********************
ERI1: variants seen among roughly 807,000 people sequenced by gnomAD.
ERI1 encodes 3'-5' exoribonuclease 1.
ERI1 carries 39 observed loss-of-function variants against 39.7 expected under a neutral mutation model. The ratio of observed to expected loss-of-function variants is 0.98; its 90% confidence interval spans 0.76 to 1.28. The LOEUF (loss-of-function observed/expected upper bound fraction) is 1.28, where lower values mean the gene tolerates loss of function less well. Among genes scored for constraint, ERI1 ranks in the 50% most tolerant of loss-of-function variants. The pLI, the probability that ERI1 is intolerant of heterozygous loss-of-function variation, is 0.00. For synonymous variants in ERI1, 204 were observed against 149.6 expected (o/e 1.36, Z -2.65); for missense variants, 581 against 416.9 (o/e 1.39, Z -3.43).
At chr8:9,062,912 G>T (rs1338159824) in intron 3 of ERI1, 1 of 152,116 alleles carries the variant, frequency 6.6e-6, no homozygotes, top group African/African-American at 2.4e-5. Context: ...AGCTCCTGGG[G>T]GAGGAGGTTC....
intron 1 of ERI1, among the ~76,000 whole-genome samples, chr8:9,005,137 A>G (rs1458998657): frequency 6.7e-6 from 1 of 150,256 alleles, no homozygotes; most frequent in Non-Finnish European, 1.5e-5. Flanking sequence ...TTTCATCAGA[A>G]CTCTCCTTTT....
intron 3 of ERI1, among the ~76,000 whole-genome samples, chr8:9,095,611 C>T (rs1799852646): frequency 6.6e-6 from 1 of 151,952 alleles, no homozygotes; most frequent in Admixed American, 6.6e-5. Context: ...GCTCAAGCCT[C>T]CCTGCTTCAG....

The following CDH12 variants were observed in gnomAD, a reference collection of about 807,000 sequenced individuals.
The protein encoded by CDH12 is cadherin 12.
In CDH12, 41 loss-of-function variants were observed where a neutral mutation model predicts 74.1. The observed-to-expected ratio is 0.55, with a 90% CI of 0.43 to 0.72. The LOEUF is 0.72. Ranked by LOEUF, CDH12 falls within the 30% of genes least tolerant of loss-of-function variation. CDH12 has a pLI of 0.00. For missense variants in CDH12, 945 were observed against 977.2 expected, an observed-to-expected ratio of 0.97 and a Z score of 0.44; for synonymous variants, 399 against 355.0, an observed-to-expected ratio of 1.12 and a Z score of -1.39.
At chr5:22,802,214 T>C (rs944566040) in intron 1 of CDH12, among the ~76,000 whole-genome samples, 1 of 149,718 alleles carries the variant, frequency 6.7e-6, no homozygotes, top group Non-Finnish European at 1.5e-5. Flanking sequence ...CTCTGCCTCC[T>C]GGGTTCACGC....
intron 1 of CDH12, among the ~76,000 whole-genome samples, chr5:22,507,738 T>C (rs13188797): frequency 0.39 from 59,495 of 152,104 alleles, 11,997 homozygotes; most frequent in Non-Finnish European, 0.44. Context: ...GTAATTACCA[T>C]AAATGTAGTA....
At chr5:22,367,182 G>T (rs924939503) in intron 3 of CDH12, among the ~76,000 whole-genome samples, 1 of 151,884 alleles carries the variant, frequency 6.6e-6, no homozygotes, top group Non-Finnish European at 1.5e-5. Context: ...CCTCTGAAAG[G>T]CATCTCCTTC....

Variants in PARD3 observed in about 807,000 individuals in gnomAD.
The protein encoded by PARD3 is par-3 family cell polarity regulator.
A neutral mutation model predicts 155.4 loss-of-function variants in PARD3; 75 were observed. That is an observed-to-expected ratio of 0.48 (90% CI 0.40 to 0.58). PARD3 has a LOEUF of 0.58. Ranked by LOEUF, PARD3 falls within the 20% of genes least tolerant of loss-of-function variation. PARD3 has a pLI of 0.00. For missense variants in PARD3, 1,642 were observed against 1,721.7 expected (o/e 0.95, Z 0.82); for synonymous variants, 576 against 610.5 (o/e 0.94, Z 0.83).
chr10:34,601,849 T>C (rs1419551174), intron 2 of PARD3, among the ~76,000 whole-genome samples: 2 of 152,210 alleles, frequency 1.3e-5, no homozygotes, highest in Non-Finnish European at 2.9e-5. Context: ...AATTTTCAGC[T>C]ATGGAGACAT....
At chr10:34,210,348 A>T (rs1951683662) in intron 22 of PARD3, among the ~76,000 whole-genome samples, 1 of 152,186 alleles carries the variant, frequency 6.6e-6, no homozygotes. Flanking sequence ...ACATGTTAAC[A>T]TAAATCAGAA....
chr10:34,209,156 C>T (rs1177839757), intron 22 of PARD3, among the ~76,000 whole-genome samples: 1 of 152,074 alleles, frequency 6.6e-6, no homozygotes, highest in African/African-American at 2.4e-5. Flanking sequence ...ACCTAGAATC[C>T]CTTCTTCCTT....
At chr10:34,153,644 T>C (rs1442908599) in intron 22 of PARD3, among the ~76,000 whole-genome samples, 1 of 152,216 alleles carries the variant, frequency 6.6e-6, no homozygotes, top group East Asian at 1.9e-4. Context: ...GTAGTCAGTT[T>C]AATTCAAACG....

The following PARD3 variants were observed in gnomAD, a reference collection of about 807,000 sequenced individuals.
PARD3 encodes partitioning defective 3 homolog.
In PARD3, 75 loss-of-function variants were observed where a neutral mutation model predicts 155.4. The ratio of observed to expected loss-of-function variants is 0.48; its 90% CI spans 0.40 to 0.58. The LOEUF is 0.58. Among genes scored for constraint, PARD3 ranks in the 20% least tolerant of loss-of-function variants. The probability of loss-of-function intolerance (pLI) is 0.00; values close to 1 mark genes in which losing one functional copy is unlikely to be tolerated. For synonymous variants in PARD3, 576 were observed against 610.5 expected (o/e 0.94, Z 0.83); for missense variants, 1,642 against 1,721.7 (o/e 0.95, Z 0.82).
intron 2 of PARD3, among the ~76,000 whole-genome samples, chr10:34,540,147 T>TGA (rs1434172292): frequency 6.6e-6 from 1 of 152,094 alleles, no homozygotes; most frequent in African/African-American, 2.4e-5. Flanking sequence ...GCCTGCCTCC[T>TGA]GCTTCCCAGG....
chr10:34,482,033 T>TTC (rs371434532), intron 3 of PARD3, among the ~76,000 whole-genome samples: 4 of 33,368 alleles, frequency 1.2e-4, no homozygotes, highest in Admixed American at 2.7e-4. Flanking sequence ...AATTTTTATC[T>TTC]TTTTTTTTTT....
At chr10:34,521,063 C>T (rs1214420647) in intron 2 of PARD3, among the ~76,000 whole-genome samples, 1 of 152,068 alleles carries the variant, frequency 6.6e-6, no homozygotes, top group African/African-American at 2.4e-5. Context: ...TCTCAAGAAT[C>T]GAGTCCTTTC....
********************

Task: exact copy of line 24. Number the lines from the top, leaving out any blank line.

chr10:34,482,033 T>TTC (rs371434532), intron 3 of PARD3, among the ~76,000 whole-genome samples: 4 of 33,368 alleles, frequency 1.2e-4, no homozygotes, highest in Admixed American at 2.7e-4. Flanking sequence ...AATTTTTATC[T>TTC]TTTTTTTTTT....